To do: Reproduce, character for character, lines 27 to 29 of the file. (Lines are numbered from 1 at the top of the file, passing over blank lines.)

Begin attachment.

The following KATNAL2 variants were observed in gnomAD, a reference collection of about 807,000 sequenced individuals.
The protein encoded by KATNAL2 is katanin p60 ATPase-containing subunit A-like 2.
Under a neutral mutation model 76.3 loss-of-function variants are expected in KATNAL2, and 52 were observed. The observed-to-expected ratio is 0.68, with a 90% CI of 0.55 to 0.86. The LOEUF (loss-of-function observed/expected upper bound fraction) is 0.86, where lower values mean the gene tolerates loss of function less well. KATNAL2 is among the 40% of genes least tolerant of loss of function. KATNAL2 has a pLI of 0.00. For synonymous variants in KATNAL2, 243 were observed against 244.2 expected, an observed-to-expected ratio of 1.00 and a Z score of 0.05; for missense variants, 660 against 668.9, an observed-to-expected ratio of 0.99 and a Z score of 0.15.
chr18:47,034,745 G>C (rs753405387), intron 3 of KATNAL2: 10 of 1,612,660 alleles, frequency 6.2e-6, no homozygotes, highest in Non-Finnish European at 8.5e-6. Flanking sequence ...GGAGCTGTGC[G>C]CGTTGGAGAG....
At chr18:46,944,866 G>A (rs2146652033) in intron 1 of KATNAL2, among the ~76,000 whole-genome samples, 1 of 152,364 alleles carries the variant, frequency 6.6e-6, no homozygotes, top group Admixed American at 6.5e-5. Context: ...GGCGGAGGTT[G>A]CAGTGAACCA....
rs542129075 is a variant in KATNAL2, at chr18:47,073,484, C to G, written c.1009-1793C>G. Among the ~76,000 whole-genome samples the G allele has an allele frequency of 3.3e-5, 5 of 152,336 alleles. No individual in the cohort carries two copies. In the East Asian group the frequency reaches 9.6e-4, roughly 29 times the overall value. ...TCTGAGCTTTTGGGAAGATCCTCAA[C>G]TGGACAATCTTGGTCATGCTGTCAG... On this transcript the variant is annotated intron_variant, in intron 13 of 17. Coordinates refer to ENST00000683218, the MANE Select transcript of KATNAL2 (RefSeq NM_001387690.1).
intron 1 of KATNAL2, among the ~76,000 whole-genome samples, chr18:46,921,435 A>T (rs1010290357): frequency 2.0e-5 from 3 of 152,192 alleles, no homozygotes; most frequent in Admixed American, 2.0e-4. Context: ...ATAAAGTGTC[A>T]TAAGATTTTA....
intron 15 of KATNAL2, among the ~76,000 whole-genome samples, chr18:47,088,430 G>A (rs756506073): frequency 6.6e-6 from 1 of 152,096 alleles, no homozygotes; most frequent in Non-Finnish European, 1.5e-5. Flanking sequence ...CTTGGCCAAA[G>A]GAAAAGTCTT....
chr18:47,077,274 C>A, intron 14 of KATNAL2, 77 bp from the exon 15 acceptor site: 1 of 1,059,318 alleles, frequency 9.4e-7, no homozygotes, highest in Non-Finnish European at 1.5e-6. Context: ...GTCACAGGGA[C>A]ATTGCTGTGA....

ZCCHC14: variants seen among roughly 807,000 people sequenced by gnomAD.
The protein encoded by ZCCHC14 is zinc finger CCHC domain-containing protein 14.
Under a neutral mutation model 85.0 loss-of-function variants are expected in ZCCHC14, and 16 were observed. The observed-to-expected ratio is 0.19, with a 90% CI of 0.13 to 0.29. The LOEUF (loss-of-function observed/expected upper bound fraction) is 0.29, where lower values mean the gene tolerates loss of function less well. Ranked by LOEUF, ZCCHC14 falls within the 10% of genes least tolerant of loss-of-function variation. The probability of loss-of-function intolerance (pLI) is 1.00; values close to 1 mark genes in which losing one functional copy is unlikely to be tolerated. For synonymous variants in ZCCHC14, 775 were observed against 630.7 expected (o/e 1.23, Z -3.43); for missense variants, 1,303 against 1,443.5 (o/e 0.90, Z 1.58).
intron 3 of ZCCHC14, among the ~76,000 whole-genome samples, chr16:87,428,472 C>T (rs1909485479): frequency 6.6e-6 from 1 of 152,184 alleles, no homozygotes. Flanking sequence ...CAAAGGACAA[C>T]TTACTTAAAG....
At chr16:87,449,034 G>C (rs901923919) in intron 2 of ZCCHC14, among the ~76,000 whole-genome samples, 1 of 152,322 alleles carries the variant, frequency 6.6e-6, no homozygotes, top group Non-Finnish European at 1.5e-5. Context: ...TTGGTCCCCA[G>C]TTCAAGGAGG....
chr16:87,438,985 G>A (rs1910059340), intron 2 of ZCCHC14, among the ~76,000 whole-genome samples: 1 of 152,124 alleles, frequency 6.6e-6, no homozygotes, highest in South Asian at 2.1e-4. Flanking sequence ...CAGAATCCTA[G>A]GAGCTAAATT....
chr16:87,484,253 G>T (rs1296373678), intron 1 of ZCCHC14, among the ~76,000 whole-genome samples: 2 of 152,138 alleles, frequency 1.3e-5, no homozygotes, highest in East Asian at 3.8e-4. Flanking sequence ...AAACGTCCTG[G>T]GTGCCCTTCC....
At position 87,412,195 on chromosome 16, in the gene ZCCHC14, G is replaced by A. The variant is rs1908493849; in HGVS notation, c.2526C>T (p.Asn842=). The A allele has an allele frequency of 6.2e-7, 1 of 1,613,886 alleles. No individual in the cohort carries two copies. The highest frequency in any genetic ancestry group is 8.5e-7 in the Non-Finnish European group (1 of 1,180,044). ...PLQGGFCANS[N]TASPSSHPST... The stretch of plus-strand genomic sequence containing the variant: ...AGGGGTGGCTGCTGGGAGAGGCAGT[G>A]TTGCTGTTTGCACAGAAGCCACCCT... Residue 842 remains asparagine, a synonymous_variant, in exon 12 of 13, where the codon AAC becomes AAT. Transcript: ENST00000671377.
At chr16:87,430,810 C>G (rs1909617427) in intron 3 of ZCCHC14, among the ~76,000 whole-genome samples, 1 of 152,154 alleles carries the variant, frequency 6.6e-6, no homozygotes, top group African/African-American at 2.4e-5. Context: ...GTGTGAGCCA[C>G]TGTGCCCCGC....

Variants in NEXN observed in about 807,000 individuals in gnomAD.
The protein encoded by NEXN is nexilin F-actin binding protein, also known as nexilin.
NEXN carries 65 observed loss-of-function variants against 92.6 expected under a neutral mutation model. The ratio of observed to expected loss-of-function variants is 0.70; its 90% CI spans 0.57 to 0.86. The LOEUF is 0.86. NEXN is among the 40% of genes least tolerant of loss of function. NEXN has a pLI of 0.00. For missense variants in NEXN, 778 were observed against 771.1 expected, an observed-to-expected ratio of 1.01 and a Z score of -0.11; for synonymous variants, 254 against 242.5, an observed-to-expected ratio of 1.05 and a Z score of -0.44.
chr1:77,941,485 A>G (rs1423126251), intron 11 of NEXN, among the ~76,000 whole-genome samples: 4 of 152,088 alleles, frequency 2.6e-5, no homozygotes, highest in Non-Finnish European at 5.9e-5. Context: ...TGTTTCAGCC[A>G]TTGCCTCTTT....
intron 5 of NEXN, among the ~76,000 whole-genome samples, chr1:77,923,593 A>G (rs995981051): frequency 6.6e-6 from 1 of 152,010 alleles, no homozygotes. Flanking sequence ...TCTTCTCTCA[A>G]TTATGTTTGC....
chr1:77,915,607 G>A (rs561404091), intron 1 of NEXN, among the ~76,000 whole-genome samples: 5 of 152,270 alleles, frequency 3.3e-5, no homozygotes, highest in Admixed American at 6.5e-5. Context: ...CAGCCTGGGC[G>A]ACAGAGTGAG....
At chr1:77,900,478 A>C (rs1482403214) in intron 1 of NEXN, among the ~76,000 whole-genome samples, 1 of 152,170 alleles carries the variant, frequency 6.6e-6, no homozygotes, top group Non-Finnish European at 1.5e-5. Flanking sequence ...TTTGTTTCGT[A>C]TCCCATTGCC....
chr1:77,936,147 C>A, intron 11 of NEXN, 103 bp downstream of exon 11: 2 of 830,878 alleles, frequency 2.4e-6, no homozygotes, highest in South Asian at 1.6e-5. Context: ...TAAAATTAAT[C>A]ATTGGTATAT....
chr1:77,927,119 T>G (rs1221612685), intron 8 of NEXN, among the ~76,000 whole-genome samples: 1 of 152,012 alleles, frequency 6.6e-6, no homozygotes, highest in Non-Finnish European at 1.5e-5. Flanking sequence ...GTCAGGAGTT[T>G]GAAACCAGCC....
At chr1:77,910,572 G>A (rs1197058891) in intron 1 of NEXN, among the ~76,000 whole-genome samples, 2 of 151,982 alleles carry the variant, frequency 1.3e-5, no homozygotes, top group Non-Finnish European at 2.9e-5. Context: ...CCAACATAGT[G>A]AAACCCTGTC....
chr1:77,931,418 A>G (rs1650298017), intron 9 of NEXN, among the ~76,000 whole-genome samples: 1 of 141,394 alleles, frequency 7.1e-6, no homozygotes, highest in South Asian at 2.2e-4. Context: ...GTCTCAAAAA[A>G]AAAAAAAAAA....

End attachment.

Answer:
chr1:77,927,119 T>G (rs1221612685), intron 8 of NEXN, among the ~76,000 whole-genome samples: 1 of 152,012 alleles, frequency 6.6e-6, no homozygotes, highest in Non-Finnish European at 1.5e-5. Flanking sequence ...GTCAGGAGTT[T>G]GAAACCAGCC....
At chr1:77,910,572 G>A (rs1197058891) in intron 1 of NEXN, among the ~76,000 whole-genome samples, 2 of 151,982 alleles carry the variant, frequency 1.3e-5, no homozygotes, top group Non-Finnish European at 2.9e-5. Context: ...CCAACATAGT[G>A]AAACCCTGTC....
chr1:77,931,418 A>G (rs1650298017), intron 9 of NEXN, among the ~76,000 whole-genome samples: 1 of 141,394 alleles, frequency 7.1e-6, no homozygotes, highest in South Asian at 2.2e-4. Context: ...GTCTCAAAAA[A>G]AAAAAAAAAA....